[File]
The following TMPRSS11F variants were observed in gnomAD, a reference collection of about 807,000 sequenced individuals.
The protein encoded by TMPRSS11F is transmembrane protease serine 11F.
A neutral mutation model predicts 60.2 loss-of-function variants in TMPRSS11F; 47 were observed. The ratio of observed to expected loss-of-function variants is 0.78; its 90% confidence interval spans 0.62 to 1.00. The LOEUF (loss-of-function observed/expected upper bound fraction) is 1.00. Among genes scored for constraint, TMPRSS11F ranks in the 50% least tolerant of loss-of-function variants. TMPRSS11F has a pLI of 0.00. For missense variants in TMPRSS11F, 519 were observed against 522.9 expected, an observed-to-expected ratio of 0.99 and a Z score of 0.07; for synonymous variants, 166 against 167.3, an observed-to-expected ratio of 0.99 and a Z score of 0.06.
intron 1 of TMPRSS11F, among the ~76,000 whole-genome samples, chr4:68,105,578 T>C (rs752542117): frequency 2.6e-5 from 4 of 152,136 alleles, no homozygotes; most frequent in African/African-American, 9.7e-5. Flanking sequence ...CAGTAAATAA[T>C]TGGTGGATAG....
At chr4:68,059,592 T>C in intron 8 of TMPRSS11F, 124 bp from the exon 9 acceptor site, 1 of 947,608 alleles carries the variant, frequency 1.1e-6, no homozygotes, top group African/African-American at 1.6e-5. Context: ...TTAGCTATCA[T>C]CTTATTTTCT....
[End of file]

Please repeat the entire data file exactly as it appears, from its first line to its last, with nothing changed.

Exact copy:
The following TMPRSS11F variants were observed in gnomAD, a reference collection of about 807,000 sequenced individuals.
The protein encoded by TMPRSS11F is transmembrane protease serine 11F.
A neutral mutation model predicts 60.2 loss-of-function variants in TMPRSS11F; 47 were observed. The ratio of observed to expected loss-of-function variants is 0.78; its 90% confidence interval spans 0.62 to 1.00. The LOEUF (loss-of-function observed/expected upper bound fraction) is 1.00. Among genes scored for constraint, TMPRSS11F ranks in the 50% least tolerant of loss-of-function variants. TMPRSS11F has a pLI of 0.00. For missense variants in TMPRSS11F, 519 were observed against 522.9 expected, an observed-to-expected ratio of 0.99 and a Z score of 0.07; for synonymous variants, 166 against 167.3, an observed-to-expected ratio of 0.99 and a Z score of 0.06.
intron 1 of TMPRSS11F, among the ~76,000 whole-genome samples, chr4:68,105,578 T>C (rs752542117): frequency 2.6e-5 from 4 of 152,136 alleles, no homozygotes; most frequent in African/African-American, 9.7e-5. Flanking sequence ...CAGTAAATAA[T>C]TGGTGGATAG....
At chr4:68,059,592 T>C in intron 8 of TMPRSS11F, 124 bp from the exon 9 acceptor site, 1 of 947,608 alleles carries the variant, frequency 1.1e-6, no homozygotes, top group African/African-American at 1.6e-5. Context: ...TTAGCTATCA[T>C]CTTATTTTCT....